WHAT THE PAPERS SAID

William Hartston Reviews The Year's Press

To Condense the year's press into a single column is an impossible task but, thanks to the existence of computerised databases, we may at least attempt it through finding the topics that most interested the newspapers throughout 1997. Our own database provides a good cross-section of the national press - dailies, Sundays, tabloids and broadsheets. The analysis that follows is based on a purely statistical count of the number of articles printed throughout the year that contained each of a list of selected words.

We begin with the names of the year. Table One compares the number of occurrences of certain names in the press in 1997 with the previous year.

As expected, the names of Tony, Cherie and Diana all showed considerable increases on the previous year, with the last of those more than doubling. In the face of this competition, Camilla did well to register a 43.2 per cent increase, but all of these are put completely in the shade by Dodi (up 11,944 per cent since 1996) and Ffion (up 24,700 percent). At that rate of improvement, they may be expected soon to overtake John, who remains a steady performer with 106,497 appearances in 1997, a not inconsiderable improvement on his 94,635 of the year before.

We move on to surnames (see Table Two).

Here the picture is intriguing. While Prescott has registered a strong increase, his rate of acceleration is well below that of Mandelson, who has come from half of Portillo's total to well in front of him. At this rate of progress, he would overtake Prescott before the middle of 1998.

Portillo himself has done well to maintain his 1996 figure, though of his 1,713 appearances this year only 575 occurred after the beginning of June. Redwood has also done well to keep his name in the pages of the press, though his improvement is clearly well below that of Hague. Interestingly, there are about 11 Hagues to every Ffion.

With the approach of the year 2000, literacy seems to be slightly on the increase - at least as far as the spelling of "millennium" is concerned. Three years ago, the misspelling rate for this word stood at a depressing 13 per cent. Two years ago, it had dropped to around 11 per cent but, as Table Three shows, despite an increase in raw numbers of misspelt mille(n)nia, they comprised only 6.5 per cent of the total in 1996, and 5.3 per cent in 1997. While there was an overall increase of 64.4 percent in references to the millennium (whether spelt correctly or not), the misspelt millen(n)ia failed to keep up at the same rate.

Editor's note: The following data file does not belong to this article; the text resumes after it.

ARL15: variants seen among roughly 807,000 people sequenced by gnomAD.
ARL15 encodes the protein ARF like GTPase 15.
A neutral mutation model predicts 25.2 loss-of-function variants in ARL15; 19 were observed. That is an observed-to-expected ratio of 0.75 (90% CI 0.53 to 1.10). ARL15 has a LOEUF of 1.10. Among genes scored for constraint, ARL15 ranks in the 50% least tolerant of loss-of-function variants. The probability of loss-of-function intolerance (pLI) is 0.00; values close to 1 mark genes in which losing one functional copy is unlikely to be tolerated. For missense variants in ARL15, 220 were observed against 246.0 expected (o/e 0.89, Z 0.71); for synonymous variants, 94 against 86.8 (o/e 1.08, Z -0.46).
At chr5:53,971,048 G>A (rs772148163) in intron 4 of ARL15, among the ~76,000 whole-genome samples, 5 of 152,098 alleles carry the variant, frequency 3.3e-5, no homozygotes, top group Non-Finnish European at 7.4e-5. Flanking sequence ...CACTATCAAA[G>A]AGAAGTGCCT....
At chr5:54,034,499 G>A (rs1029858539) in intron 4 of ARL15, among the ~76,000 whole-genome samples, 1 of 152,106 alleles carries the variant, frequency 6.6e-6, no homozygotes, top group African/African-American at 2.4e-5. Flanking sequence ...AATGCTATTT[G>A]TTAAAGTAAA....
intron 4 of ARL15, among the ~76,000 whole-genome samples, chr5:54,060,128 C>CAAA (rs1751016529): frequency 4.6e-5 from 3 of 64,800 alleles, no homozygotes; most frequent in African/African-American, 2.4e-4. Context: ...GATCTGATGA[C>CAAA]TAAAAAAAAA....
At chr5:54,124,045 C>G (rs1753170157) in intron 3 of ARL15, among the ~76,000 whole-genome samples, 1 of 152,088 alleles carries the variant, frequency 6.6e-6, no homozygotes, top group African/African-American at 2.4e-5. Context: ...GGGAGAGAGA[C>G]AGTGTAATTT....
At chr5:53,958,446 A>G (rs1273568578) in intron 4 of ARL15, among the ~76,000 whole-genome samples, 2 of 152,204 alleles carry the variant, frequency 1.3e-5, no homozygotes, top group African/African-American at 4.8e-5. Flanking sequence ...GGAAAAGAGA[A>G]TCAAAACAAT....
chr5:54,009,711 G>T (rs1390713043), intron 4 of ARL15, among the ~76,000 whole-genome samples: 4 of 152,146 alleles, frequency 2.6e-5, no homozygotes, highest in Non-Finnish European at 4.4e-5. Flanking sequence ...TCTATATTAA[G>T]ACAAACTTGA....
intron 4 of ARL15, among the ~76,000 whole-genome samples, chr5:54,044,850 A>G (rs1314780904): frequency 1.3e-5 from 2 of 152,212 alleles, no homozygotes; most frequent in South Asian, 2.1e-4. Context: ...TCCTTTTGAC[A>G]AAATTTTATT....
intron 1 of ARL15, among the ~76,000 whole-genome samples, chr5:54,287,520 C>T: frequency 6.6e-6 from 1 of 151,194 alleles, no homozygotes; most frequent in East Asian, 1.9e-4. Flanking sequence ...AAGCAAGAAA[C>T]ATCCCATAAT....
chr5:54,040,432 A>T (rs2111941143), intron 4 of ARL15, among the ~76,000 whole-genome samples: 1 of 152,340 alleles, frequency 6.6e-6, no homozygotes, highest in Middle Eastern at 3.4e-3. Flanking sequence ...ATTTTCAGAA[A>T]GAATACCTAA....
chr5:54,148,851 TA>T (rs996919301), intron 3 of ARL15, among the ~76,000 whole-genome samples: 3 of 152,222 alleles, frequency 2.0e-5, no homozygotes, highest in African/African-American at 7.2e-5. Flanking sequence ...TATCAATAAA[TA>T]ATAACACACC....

The next award is for cliche of the year. There are three nominees: "incandescent with rage" - a phrase that has occurred several times in close proximity to the name of John Major, "defining moment" - of which we have been subjected to a multitude, and "hit the ground running" which was something both John Major and Tony Blair promised to do when the election was called. Table Four indicates the relative performances of these cliches:

Despite the fact that the year has seen no fewer than 392 defining moments, the huge increase in people hitting the ground running earns that phrase the award.

Our final table comprises items of popular culture and other things that did not fit neatly into the categories already considered.

On the subject of health, it is interesting to note the considerable falls in both BSE and CJD. With the human form of the disease falling less rapidly than the bovine version, it looks possible that CJD will be the greater worry at some time in the future.

On a more pleasant tone, it is encouraging to note that divorce, which became something of a national obsession in 1996, is now fading from popularity. Indeed in 1996 there were nearly five times as many divorces as honeymoons, while this year the ratio is down to less than one in three.

The Spice Girls did well to register almost a tenfold increase, but their rate of improvement is left in the shade by the Teletubbies, up an amazing 53,450 per cent.

The one stable point in our culture, however, appears to be the Lottery. Interest in sleaze and the Dome may come and go, but the press coverage of the lottery is rock solid.

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